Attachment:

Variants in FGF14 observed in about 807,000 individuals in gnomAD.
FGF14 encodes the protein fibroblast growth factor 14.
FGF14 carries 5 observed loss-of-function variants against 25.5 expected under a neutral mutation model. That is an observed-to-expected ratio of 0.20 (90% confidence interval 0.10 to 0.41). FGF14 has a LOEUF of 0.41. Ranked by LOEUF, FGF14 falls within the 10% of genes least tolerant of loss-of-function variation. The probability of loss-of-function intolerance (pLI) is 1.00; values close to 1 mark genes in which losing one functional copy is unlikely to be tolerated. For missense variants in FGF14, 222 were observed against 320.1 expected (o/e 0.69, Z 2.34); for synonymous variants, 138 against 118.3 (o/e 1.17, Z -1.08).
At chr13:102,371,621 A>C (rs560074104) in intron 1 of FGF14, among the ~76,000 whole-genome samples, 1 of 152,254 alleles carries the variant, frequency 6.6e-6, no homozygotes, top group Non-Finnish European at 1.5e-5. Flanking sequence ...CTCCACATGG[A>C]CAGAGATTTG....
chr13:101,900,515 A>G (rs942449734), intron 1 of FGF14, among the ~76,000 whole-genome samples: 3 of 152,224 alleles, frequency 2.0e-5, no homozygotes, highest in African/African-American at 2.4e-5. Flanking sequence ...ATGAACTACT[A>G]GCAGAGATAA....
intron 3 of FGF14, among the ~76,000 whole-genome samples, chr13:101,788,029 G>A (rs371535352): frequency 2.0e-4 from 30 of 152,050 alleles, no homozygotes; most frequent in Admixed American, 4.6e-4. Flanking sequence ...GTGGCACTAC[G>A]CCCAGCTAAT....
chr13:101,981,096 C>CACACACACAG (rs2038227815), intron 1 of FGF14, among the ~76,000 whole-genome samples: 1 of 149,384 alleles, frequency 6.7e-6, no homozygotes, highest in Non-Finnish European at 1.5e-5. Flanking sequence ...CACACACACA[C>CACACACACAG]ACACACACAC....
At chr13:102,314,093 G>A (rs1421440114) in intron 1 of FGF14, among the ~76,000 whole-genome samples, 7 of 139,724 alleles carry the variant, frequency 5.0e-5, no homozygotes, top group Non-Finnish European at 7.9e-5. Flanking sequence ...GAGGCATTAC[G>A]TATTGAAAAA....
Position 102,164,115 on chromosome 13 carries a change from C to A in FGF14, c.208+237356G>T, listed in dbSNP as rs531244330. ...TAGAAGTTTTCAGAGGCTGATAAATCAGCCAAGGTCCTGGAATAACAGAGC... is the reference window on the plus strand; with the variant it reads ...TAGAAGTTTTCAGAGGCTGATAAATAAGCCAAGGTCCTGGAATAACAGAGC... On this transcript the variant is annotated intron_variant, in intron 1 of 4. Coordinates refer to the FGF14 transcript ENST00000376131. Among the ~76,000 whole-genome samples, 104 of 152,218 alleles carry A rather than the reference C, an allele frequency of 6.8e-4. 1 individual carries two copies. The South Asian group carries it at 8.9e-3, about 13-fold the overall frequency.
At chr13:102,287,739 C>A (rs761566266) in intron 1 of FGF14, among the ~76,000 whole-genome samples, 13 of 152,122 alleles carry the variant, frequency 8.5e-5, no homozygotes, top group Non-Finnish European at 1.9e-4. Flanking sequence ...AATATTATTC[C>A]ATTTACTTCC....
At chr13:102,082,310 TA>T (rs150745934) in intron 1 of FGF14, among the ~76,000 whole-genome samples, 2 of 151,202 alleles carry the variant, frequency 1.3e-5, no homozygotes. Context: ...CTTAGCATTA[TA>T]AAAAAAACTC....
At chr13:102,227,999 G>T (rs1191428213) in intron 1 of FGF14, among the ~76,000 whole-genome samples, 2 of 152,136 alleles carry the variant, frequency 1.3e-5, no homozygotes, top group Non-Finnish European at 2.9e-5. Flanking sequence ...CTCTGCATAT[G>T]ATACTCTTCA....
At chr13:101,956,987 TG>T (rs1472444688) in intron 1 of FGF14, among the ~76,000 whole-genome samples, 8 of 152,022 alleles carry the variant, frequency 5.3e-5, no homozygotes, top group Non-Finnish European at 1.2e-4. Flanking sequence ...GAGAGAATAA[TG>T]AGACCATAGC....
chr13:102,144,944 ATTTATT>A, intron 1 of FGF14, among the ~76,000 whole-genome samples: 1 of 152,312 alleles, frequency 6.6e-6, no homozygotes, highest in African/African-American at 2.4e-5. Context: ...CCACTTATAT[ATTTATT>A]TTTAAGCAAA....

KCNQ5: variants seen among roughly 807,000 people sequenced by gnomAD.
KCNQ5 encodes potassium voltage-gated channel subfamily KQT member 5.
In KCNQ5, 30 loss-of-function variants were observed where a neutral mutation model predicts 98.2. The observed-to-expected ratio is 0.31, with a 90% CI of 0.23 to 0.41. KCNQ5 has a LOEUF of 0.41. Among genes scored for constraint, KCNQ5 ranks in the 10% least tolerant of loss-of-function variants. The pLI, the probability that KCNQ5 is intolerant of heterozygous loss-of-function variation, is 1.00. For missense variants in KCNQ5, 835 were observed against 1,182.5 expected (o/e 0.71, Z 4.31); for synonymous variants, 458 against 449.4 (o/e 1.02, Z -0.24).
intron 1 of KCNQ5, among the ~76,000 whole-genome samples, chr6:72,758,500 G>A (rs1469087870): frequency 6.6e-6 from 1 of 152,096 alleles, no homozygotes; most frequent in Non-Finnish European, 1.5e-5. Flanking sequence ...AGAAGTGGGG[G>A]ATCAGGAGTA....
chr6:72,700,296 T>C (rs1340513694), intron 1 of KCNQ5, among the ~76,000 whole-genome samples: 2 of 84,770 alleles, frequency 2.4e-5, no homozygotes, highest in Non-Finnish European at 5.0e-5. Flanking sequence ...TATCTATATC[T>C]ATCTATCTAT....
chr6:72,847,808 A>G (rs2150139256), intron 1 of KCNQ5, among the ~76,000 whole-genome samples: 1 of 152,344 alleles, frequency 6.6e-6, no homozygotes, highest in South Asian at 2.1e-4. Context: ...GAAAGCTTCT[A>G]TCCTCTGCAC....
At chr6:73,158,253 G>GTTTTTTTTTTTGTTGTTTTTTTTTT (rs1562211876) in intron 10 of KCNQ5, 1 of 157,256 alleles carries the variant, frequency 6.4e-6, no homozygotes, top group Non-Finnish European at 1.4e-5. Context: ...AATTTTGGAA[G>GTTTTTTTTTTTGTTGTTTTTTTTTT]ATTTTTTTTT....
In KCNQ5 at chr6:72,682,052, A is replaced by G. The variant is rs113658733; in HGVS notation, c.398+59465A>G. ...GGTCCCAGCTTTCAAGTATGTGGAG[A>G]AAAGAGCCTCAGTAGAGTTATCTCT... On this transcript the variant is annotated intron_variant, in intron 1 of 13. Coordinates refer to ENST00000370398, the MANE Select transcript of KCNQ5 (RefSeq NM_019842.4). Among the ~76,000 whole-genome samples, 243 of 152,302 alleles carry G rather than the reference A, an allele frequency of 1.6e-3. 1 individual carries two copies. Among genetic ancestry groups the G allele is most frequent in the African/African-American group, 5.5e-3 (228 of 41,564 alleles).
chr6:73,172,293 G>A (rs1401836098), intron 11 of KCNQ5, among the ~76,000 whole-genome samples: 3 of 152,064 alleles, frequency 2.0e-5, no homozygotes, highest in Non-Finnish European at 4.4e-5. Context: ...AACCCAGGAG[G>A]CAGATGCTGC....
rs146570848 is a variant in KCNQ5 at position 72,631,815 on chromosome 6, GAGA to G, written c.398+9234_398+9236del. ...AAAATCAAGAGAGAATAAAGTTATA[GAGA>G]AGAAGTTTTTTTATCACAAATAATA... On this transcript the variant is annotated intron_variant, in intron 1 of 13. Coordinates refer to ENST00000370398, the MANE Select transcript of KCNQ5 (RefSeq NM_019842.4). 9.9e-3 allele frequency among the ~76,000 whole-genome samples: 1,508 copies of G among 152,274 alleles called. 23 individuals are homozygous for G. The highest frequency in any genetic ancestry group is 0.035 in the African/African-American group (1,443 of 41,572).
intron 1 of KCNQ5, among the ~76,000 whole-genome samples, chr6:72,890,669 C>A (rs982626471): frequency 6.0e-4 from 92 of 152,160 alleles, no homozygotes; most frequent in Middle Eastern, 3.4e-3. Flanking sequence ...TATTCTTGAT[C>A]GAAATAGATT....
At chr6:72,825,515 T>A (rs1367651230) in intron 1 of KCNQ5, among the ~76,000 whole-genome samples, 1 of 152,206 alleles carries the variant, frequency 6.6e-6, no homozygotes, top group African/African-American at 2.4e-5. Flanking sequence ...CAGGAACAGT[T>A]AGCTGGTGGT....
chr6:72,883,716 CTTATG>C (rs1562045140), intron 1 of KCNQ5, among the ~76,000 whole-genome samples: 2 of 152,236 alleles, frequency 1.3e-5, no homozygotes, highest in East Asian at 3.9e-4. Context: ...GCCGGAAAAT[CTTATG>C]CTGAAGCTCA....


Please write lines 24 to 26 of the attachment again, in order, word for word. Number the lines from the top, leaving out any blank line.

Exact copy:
rs146570848 is a variant in KCNQ5 at position 72,631,815 on chromosome 6, GAGA to G, written c.398+9234_398+9236del. ...AAAATCAAGAGAGAATAAAGTTATA[GAGA>G]AGAAGTTTTTTTATCACAAATAATA... On this transcript the variant is annotated intron_variant, in intron 1 of 13. Coordinates refer to ENST00000370398, the MANE Select transcript of KCNQ5 (RefSeq NM_019842.4). 9.9e-3 allele frequency among the ~76,000 whole-genome samples: 1,508 copies of G among 152,274 alleles called. 23 individuals are homozygous for G. The highest frequency in any genetic ancestry group is 0.035 in the African/African-American group (1,443 of 41,572).
intron 1 of KCNQ5, among the ~76,000 whole-genome samples, chr6:72,890,669 C>A (rs982626471): frequency 6.0e-4 from 92 of 152,160 alleles, no homozygotes; most frequent in Middle Eastern, 3.4e-3. Flanking sequence ...TATTCTTGAT[C>A]GAAATAGATT....
At chr6:72,825,515 T>A (rs1367651230) in intron 1 of KCNQ5, among the ~76,000 whole-genome samples, 1 of 152,206 alleles carries the variant, frequency 6.6e-6, no homozygotes, top group African/African-American at 2.4e-5. Flanking sequence ...CAGGAACAGT[T>A]AGCTGGTGGT....